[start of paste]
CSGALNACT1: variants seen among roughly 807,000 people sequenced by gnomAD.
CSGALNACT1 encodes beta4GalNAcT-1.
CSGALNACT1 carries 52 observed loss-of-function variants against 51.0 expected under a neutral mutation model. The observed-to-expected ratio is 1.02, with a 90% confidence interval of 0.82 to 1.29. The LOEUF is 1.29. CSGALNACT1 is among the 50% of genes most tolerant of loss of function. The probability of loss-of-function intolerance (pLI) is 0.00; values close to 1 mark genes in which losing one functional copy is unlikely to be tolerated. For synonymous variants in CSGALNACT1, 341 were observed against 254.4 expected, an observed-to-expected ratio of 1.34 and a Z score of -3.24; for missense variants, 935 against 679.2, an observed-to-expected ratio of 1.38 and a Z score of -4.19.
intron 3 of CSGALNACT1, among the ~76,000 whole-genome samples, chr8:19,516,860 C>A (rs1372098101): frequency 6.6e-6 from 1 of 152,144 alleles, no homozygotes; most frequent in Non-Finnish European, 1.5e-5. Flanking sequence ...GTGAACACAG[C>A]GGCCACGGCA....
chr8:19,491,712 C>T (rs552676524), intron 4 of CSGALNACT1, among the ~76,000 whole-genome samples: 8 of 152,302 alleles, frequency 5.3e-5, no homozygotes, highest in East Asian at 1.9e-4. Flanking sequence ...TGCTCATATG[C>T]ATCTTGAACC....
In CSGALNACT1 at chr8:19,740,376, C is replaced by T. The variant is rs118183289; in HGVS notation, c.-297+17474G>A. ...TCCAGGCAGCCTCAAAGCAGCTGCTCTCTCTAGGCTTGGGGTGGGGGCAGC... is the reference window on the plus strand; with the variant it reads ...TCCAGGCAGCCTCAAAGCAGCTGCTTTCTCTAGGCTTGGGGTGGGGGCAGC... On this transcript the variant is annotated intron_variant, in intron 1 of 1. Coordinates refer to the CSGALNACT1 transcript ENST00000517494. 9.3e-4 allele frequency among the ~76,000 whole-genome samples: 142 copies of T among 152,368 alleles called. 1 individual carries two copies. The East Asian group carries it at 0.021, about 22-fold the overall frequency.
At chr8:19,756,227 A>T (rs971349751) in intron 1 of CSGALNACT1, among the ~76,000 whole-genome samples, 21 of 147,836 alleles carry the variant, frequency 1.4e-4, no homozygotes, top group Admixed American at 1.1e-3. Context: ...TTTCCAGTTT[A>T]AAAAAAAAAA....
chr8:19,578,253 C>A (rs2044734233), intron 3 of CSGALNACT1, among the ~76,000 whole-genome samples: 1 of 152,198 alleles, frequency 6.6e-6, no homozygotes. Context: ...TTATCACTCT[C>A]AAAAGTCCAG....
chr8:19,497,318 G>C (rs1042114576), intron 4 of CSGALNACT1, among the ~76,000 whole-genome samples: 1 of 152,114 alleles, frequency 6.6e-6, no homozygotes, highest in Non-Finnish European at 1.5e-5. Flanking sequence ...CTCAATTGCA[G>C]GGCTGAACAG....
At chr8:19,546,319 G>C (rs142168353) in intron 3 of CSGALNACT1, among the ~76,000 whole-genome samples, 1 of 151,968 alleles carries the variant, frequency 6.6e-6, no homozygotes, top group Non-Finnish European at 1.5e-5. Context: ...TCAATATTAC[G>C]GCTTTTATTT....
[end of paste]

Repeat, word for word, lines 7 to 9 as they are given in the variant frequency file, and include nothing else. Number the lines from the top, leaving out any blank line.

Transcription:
At chr8:19,756,227 A>T (rs971349751) in intron 1 of CSGALNACT1, among the ~76,000 whole-genome samples, 21 of 147,836 alleles carry the variant, frequency 1.4e-4, no homozygotes, top group Admixed American at 1.1e-3. Context: ...TTTCCAGTTT[A>T]AAAAAAAAAA....
chr8:19,578,253 C>A (rs2044734233), intron 3 of CSGALNACT1, among the ~76,000 whole-genome samples: 1 of 152,198 alleles, frequency 6.6e-6, no homozygotes. Context: ...TTATCACTCT[C>A]AAAAGTCCAG....
chr8:19,497,318 G>C (rs1042114576), intron 4 of CSGALNACT1, among the ~76,000 whole-genome samples: 1 of 152,114 alleles, frequency 6.6e-6, no homozygotes, highest in Non-Finnish European at 1.5e-5. Flanking sequence ...CTCAATTGCA[G>C]GGCTGAACAG....